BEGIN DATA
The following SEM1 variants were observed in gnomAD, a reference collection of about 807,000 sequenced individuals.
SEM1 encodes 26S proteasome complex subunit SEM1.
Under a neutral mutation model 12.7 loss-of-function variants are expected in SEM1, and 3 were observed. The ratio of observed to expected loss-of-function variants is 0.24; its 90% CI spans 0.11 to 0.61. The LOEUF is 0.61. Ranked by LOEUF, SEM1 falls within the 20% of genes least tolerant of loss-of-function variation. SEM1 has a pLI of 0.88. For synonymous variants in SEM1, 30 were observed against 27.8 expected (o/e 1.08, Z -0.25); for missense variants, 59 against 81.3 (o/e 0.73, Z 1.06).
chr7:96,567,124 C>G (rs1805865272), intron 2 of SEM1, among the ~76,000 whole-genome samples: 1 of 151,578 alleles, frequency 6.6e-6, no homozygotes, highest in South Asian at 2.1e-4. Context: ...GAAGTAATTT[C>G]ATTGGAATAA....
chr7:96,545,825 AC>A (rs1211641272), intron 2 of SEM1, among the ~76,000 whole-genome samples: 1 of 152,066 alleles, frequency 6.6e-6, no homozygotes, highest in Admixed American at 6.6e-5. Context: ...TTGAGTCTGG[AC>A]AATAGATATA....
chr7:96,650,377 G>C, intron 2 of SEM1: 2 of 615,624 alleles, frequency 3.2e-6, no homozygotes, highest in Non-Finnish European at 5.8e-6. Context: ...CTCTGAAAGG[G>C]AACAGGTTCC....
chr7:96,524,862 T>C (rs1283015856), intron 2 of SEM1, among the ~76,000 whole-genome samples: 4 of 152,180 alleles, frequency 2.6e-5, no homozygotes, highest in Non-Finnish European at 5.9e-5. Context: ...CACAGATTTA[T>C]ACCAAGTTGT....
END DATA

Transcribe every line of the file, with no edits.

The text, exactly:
The following SEM1 variants were observed in gnomAD, a reference collection of about 807,000 sequenced individuals.
SEM1 encodes 26S proteasome complex subunit SEM1.
Under a neutral mutation model 12.7 loss-of-function variants are expected in SEM1, and 3 were observed. The ratio of observed to expected loss-of-function variants is 0.24; its 90% CI spans 0.11 to 0.61. The LOEUF is 0.61. Ranked by LOEUF, SEM1 falls within the 20% of genes least tolerant of loss-of-function variation. SEM1 has a pLI of 0.88. For synonymous variants in SEM1, 30 were observed against 27.8 expected (o/e 1.08, Z -0.25); for missense variants, 59 against 81.3 (o/e 0.73, Z 1.06).
chr7:96,567,124 C>G (rs1805865272), intron 2 of SEM1, among the ~76,000 whole-genome samples: 1 of 151,578 alleles, frequency 6.6e-6, no homozygotes, highest in South Asian at 2.1e-4. Context: ...GAAGTAATTT[C>G]ATTGGAATAA....
chr7:96,545,825 AC>A (rs1211641272), intron 2 of SEM1, among the ~76,000 whole-genome samples: 1 of 152,066 alleles, frequency 6.6e-6, no homozygotes, highest in Admixed American at 6.6e-5. Context: ...TTGAGTCTGG[AC>A]AATAGATATA....
chr7:96,650,377 G>C, intron 2 of SEM1: 2 of 615,624 alleles, frequency 3.2e-6, no homozygotes, highest in Non-Finnish European at 5.8e-6. Context: ...CTCTGAAAGG[G>C]AACAGGTTCC....
chr7:96,524,862 T>C (rs1283015856), intron 2 of SEM1, among the ~76,000 whole-genome samples: 4 of 152,180 alleles, frequency 2.6e-5, no homozygotes, highest in Non-Finnish European at 5.9e-5. Context: ...CACAGATTTA[T>C]ACCAAGTTGT....